Can employees be asked to utilize their accrued annual leave for this lockdown? Once such leave has been exhausted, can they be placed on unpaid leave? What are the other alternatives available?

No. Employees are entitled to use their accrued annual leave at their discretion, subject to approvals from their managers. While employees may be encouraged to use their accrued annual leave, they cannot be mandated by the employer to do so. Further, employees are eligible to en cash their accrued but un-availed annual/privileged leave at the time of cessation from employment.

As a general rule under the Indian law, employers cannot mandate employees to proceed on unpaid leave. Therefore, in the context of the lockdown, if an employer requires its employees to not come to work as a preventive measure or for the duration of the lockdown, employees will need to be paid for such days and therefore, they cannot be forced to utilize their annual leave at this time.

Certain measures that employers may take to reduce employee costs are as follows:

Reduce Working Hours

Employees in India are largely divided into two categories, viz., workmen and non-workmen, and the manner of implementing changes to conditions of service vary based on the category of employee. In this regard, please note the following in relation to changes to conditions of service for both categories:

Workmen: The Industrial Disputes Act, 1947 (ID Act) mandates that employees categorized as ‘workmen’ be given at least 21 days prior notice (in the prescribed format) of any detrimental change in the terms of employment listed in the Fourth Schedule of the ID Act. The conditions listed in the Forth Schedule include (i) wages; (ii) social security contributions; (iii) compensatory and other allowances; (iv) hours of work, rest and shift working; (v) leave and holidays; (vi) withdrawal of customary concession or privilege; and (vii) introduction of new rules of discipline or altering existing rules. Such notice does not have to be given if the change being made to the condition of service is more beneficial to the workmen. State-specific rules require that this notice also be forwarded to labour authorities.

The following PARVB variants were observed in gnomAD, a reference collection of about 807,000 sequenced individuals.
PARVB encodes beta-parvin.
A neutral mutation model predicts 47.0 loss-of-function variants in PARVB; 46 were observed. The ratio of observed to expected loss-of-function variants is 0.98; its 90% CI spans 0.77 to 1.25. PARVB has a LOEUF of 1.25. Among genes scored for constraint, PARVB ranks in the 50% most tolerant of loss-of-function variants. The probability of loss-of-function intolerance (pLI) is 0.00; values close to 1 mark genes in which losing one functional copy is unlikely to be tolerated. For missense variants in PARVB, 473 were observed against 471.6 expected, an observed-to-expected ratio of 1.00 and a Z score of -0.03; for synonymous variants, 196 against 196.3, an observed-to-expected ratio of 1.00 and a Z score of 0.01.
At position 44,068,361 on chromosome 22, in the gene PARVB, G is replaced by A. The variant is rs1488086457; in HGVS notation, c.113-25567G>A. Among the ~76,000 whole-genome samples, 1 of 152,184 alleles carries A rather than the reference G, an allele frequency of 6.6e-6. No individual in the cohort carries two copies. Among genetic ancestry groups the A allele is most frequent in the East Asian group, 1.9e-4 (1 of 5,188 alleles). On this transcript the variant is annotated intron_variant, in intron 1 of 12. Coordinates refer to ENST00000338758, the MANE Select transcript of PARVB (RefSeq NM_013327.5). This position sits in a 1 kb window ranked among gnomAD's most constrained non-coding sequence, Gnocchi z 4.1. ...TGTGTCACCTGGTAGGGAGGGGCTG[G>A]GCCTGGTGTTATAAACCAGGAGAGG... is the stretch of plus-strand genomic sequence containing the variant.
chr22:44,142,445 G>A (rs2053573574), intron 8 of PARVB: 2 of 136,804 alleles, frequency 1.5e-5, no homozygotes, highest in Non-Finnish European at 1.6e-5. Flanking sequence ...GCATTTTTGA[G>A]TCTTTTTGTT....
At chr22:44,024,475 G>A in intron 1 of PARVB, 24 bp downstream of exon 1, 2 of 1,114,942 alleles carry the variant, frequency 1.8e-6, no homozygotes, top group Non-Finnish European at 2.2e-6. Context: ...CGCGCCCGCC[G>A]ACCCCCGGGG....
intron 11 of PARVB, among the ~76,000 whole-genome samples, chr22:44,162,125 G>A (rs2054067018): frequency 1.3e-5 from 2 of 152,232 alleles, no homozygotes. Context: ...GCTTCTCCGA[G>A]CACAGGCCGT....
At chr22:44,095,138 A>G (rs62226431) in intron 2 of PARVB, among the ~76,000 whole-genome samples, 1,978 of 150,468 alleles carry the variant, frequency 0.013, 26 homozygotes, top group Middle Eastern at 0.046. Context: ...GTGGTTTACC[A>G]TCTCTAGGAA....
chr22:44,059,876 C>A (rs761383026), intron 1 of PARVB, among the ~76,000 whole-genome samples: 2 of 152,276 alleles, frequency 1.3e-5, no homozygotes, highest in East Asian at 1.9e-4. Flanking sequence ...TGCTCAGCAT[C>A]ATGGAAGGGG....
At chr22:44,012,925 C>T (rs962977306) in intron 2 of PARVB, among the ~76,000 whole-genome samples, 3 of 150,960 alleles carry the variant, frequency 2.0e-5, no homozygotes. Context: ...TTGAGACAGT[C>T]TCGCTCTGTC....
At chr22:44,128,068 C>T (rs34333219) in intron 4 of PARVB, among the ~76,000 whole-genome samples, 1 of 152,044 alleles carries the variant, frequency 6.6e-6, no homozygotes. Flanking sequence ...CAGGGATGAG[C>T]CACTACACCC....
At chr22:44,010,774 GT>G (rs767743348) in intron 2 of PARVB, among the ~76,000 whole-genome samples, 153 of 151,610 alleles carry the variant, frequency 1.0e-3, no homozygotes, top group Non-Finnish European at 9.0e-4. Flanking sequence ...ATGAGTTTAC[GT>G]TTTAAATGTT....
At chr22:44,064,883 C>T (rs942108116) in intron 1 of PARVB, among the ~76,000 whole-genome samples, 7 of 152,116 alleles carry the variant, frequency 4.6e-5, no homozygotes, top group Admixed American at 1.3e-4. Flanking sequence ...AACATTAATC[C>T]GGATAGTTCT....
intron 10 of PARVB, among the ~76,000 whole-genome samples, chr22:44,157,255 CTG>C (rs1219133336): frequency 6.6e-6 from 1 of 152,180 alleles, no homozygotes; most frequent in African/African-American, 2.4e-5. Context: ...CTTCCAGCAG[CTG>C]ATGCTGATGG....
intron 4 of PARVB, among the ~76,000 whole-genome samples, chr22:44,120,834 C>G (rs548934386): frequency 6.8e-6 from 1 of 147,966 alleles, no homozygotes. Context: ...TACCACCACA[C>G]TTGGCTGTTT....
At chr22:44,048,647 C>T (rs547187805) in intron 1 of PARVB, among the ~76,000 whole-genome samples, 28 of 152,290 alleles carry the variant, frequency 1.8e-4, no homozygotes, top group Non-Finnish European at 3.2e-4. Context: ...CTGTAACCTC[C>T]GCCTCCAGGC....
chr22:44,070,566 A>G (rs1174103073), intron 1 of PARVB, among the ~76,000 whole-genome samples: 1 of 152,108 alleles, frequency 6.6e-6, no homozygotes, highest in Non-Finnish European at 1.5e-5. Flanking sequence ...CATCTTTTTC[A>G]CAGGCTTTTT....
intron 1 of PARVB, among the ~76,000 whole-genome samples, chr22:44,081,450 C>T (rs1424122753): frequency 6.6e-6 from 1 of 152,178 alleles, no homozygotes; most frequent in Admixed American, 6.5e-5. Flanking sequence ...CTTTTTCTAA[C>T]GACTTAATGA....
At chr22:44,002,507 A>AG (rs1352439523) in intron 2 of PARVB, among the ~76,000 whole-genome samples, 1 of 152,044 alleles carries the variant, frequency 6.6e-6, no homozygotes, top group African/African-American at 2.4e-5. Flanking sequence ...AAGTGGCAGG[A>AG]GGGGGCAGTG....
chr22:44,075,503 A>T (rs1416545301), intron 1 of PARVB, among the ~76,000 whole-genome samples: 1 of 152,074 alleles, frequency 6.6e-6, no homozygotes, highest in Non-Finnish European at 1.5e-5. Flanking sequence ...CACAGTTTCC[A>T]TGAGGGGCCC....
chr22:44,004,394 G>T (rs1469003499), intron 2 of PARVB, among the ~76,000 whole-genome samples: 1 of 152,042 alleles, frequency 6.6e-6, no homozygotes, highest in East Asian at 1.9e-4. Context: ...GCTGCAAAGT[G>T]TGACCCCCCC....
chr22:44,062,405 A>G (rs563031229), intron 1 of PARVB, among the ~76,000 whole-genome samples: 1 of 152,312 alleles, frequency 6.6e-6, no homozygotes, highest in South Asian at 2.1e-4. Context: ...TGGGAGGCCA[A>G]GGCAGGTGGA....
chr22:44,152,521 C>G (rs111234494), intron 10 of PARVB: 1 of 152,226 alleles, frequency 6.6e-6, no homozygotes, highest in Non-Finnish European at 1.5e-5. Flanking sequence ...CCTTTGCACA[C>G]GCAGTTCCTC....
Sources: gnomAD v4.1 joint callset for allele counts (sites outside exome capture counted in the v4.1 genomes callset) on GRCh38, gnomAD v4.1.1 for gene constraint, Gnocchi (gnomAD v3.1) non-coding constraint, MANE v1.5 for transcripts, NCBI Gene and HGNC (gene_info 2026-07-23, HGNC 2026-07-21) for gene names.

For Non-Workmen (and conditions of service not contained in the Fourth Schedule): The consent (express or implied) of the impacted employees to the change would need to be obtained, unless the employer has retained the right in the existing employment documentation to unilaterally change the terms of employment. In such case it would be sufficient to notify the employees of the change.

Additionally, to implement a change to the working hours, an employer would have to consider the terms of any collective bargaining agreement(s) or settlement agreement(s) that may be in place with its employees. Therefore, while you may reduce working hours, if there is a consequential reduction in wages/ benefits, the process detailed above would need to be followed.


Under Indian law, lay-off does not mean termination/cessation of employment. A ‘lay‑off’ under the ID Act is defined as the failure, refusal or inability of an employer to give employment to a workman on account of shortage of coal, power or raw materials or the accumulation of stocks or the break-down of machinery or natural calamity or for any other connected reason. During the lay-off, the workman will continue to be employed with the employer; but will not be required to come into work. An employer is required to pay every workman who has completed one year of continuous service (calculated as 240 days) a compensation equal to 50% of the total basic wages and dearness allowance for every day that he is laid-off, excluding weekly holidays.

For non-workmen, the employer would be guided by the terms of the employment agreement and human resource policies. If these documents are silent on these aspects, then an employer would have to contractually agree with the employee for the lay-off.

Ordinarily, there is no requirement to provide notice to ‘lay-off’ workmen category employees. However, if the establishment is a factory in which not less than 100 workmen (300 in some states) were employed on average per working day in the preceding 12 months, then an application would have to be made to the relevant labour authority seeking permission for the lay-off, unless the lay-off is due to shortage of power or a natural calamity. Please note that notification requirements could also vary based on the State in which the establishment is located.